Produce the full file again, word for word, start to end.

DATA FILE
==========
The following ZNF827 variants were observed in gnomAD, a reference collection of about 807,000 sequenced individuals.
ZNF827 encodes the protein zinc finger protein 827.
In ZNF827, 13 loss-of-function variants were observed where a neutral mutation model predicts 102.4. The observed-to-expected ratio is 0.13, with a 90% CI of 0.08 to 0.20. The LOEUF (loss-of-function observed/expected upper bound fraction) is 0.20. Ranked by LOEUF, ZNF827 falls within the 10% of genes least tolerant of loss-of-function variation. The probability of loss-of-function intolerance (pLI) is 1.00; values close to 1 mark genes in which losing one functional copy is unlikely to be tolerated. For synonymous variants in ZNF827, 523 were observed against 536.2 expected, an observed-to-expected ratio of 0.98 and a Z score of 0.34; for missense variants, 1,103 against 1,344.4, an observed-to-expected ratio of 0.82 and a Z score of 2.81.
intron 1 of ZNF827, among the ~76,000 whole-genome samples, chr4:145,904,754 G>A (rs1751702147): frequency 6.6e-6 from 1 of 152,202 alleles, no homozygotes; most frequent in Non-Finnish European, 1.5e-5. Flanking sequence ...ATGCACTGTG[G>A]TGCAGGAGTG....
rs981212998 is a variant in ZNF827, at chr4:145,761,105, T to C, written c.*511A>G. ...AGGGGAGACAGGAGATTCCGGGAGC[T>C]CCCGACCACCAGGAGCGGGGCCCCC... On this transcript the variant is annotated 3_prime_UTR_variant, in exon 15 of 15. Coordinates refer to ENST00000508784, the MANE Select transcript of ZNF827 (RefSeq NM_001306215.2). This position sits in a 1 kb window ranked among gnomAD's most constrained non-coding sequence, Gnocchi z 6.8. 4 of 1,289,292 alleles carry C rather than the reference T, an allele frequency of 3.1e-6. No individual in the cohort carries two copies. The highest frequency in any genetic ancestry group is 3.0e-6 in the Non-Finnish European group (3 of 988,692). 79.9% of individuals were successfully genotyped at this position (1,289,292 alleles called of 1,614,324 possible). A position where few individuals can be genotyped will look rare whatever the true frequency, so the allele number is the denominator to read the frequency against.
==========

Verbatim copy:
The following ZNF827 variants were observed in gnomAD, a reference collection of about 807,000 sequenced individuals.
ZNF827 encodes the protein zinc finger protein 827.
In ZNF827, 13 loss-of-function variants were observed where a neutral mutation model predicts 102.4. The observed-to-expected ratio is 0.13, with a 90% CI of 0.08 to 0.20. The LOEUF (loss-of-function observed/expected upper bound fraction) is 0.20. Ranked by LOEUF, ZNF827 falls within the 10% of genes least tolerant of loss-of-function variation. The probability of loss-of-function intolerance (pLI) is 1.00; values close to 1 mark genes in which losing one functional copy is unlikely to be tolerated. For synonymous variants in ZNF827, 523 were observed against 536.2 expected, an observed-to-expected ratio of 0.98 and a Z score of 0.34; for missense variants, 1,103 against 1,344.4, an observed-to-expected ratio of 0.82 and a Z score of 2.81.
intron 1 of ZNF827, among the ~76,000 whole-genome samples, chr4:145,904,754 G>A (rs1751702147): frequency 6.6e-6 from 1 of 152,202 alleles, no homozygotes; most frequent in Non-Finnish European, 1.5e-5. Flanking sequence ...ATGCACTGTG[G>A]TGCAGGAGTG....
rs981212998 is a variant in ZNF827, at chr4:145,761,105, T to C, written c.*511A>G. ...AGGGGAGACAGGAGATTCCGGGAGC[T>C]CCCGACCACCAGGAGCGGGGCCCCC... On this transcript the variant is annotated 3_prime_UTR_variant, in exon 15 of 15. Coordinates refer to ENST00000508784, the MANE Select transcript of ZNF827 (RefSeq NM_001306215.2). This position sits in a 1 kb window ranked among gnomAD's most constrained non-coding sequence, Gnocchi z 6.8. 4 of 1,289,292 alleles carry C rather than the reference T, an allele frequency of 3.1e-6. No individual in the cohort carries two copies. The highest frequency in any genetic ancestry group is 3.0e-6 in the Non-Finnish European group (3 of 988,692). 79.9% of individuals were successfully genotyped at this position (1,289,292 alleles called of 1,614,324 possible). A position where few individuals can be genotyped will look rare whatever the true frequency, so the allele number is the denominator to read the frequency against.